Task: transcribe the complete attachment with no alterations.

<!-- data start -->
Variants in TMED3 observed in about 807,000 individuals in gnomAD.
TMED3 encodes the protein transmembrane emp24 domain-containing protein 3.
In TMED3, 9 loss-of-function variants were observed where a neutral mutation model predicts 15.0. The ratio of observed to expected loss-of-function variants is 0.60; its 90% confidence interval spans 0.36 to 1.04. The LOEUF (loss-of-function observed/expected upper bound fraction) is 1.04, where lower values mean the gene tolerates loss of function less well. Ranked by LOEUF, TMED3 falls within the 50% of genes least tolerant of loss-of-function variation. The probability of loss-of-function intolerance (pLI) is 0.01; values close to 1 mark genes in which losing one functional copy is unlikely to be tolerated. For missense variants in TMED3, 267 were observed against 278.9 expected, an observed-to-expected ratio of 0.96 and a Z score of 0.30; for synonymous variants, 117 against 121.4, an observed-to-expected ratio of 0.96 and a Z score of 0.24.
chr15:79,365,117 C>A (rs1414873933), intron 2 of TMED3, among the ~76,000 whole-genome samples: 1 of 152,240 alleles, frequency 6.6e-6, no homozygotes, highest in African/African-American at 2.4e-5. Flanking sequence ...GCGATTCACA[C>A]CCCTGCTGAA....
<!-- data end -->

Variants in TMED3 observed in about 807,000 individuals in gnomAD.
TMED3 encodes the protein transmembrane emp24 domain-containing protein 3.
In TMED3, 9 loss-of-function variants were observed where a neutral mutation model predicts 15.0. The ratio of observed to expected loss-of-function variants is 0.60; its 90% confidence interval spans 0.36 to 1.04. The LOEUF (loss-of-function observed/expected upper bound fraction) is 1.04, where lower values mean the gene tolerates loss of function less well. Ranked by LOEUF, TMED3 falls within the 50% of genes least tolerant of loss-of-function variation. The probability of loss-of-function intolerance (pLI) is 0.01; values close to 1 mark genes in which losing one functional copy is unlikely to be tolerated. For missense variants in TMED3, 267 were observed against 278.9 expected, an observed-to-expected ratio of 0.96 and a Z score of 0.30; for synonymous variants, 117 against 121.4, an observed-to-expected ratio of 0.96 and a Z score of 0.24.
chr15:79,365,117 C>A (rs1414873933), intron 2 of TMED3, among the ~76,000 whole-genome samples: 1 of 152,240 alleles, frequency 6.6e-6, no homozygotes, highest in African/African-American at 2.4e-5. Flanking sequence ...GCGATTCACA[C>A]CCCTGCTGAA....